A guide to church conversions

When it comes to putting in an offer for a property, most buyers are looking for something unique. Church conversions tick that box, although it’s unlikely that you know anybody who has acquired one lately. The Christian Research group says that of the 47,600 English churches operating today, around 10% will be declared redundant by 2020. Since developers and planners are looking to convert unused property into housing, many of these disused churches are likely to become residential homes.

Picture of a church conversion with wooden floors and ceilings

According to the Royal Institution of Chartered Surveyors (RICS), in the last 5 years around 500 churches have been converted into houses in London alone. While the idea of closing a church isn’t a happy one, it’s actually a legacy of the Victorian era, when excess places of worship were built and some were even left half finished!

The conversions are popular because of the high ceilings, large stained glass windows and intricate brass detailing on features such as door handles. For the religious, they offer the chance to get close to God – you’re technically living in His house! – but for the non-religious, features such as the bell can still appeal as owners ring it to mark special occasions like the New Year.

Picture of a bedroom in a church conversion

Every property has its downsides and since churches are old buildings, they can come with age old problems like rotting and lead roofing, which is a goldmine for thieves. Have the property surveyed by a member of the Royal Institute of Chartered Surveyors to make sure that it’s safe and to highlight any potential problems that might put you out of pocket at a later date if left undetected and untreated. Should you decide that you want to buy a church, it’s a really good idea to invest in lighting and add extra security with a front gate and CCTV in place.

Churches weren’t designed to be homes, so you might need to reassess and add electrical connections to power items like washing machines and showers. The little things become the big things so don’t get too caught up in the design and forget that no matter what improvements you make, your heating bills will be much higher than average thanks to those tall ceilings. Inserting a number of different levels can help make this more manageable but you’ll need to decide whether dividing up the property visually damages the unique architectural design. Voices were meant to be carried in a church too, so consulting a specialist tradesperson to help with soundproofing is essential unless you don’t mind an echo in the living room!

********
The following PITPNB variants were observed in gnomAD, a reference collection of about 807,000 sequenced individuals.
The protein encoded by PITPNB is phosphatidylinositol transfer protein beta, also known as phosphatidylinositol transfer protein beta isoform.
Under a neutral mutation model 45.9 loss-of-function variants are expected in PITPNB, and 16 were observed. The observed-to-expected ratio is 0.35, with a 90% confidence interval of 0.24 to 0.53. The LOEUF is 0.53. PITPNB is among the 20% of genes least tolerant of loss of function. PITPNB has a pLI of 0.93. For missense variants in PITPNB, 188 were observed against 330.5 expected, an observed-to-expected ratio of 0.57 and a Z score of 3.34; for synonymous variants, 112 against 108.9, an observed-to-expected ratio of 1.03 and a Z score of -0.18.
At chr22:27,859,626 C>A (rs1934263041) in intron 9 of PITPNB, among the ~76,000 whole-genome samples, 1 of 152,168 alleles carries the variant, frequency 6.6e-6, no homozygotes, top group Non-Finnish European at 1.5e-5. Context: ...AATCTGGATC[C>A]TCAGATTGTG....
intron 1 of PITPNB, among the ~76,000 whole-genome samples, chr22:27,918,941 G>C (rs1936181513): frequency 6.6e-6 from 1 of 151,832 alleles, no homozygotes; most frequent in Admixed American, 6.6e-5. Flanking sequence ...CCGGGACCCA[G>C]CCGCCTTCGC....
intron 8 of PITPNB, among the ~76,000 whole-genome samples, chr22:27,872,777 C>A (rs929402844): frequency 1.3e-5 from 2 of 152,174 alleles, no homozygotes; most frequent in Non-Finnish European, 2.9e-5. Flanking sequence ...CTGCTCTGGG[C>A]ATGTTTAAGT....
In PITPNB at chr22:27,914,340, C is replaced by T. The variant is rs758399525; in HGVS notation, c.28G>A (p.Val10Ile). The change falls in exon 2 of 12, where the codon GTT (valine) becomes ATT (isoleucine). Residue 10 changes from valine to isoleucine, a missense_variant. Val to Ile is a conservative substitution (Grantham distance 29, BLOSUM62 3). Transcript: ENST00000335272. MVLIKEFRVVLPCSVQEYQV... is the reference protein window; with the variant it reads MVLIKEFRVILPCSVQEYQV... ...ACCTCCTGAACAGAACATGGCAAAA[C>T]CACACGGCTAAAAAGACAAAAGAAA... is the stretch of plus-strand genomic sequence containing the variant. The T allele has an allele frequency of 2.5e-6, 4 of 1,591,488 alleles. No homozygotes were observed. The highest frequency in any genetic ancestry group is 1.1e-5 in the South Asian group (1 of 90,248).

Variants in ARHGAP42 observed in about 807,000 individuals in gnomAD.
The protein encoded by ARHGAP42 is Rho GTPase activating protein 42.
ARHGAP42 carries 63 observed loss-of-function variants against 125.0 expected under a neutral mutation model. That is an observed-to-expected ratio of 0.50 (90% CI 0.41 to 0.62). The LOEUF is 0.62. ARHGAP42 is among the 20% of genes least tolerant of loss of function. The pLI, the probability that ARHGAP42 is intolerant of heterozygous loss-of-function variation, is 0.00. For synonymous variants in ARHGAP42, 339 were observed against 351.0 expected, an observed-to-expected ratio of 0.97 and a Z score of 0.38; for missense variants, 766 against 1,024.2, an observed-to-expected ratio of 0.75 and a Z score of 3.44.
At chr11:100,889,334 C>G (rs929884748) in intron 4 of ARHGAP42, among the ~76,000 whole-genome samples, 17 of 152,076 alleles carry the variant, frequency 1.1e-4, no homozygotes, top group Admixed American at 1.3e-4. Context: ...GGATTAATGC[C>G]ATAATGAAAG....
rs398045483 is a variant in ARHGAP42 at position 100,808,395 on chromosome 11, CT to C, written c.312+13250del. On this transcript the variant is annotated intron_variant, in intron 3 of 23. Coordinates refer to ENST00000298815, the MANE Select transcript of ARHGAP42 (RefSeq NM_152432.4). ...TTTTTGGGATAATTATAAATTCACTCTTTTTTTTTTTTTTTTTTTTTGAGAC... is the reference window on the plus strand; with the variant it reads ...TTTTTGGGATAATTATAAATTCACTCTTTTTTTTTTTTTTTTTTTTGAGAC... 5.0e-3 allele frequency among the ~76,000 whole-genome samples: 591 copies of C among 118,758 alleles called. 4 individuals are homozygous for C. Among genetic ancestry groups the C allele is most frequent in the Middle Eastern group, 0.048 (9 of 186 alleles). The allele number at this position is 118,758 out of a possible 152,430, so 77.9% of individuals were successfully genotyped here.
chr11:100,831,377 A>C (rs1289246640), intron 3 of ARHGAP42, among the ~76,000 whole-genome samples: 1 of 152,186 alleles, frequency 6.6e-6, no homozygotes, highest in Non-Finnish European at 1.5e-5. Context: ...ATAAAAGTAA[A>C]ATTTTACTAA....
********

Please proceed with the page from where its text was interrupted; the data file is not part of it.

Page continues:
Putting practical considerations aside, living in such close proximity to an old graveyard will test your morals. If graves are present, the ground will have to be deconsecrated and human remains moved where possible. If they can’t be moved, you’re legally bound to let relatives visit, so if you favour your privacy, a church conversion might not be the best option for you. In which case, it’s time to return to the house hunt!

Picture of a church conversion living room

If you’re sold on the idea of a visually unique home and prepared to deal with any problems that may arise, it’s time to decide between purchasing an already converted home or designing your own. I would recommend hiring an architect for the latter, with the help of the Royal Institute of British Architects (RIBA). There’s no point paying a higher price for a building if you don’t stay true to its architectural features and find yourself frustrated with issues like sound and heating.

Before putting in an offer, talk through your ideas with your Local Planning department since you’ll need planning permission from both themselves and the Church Commission. Churches can be grade 1 or 2 listed buildings, so they may also require approval from the English Heritage which your architect should help you with obtaining. After that, you’re free to put in an offer to your local Diocesan Redundant Church Uses Committee who will liase with the Church Commissioners on your behalf and return with a final decision on whether your offer and future plans have been accepted…

To find a tradesperson to help with your church conversion (perhaps you need the help of a specialist tradesperson for soundproofing), post your job and tradespeople will contact you to quote. You’ll be able to view their profile pages, inclusive of ratings and recommendations, to help you decide who to hire. 

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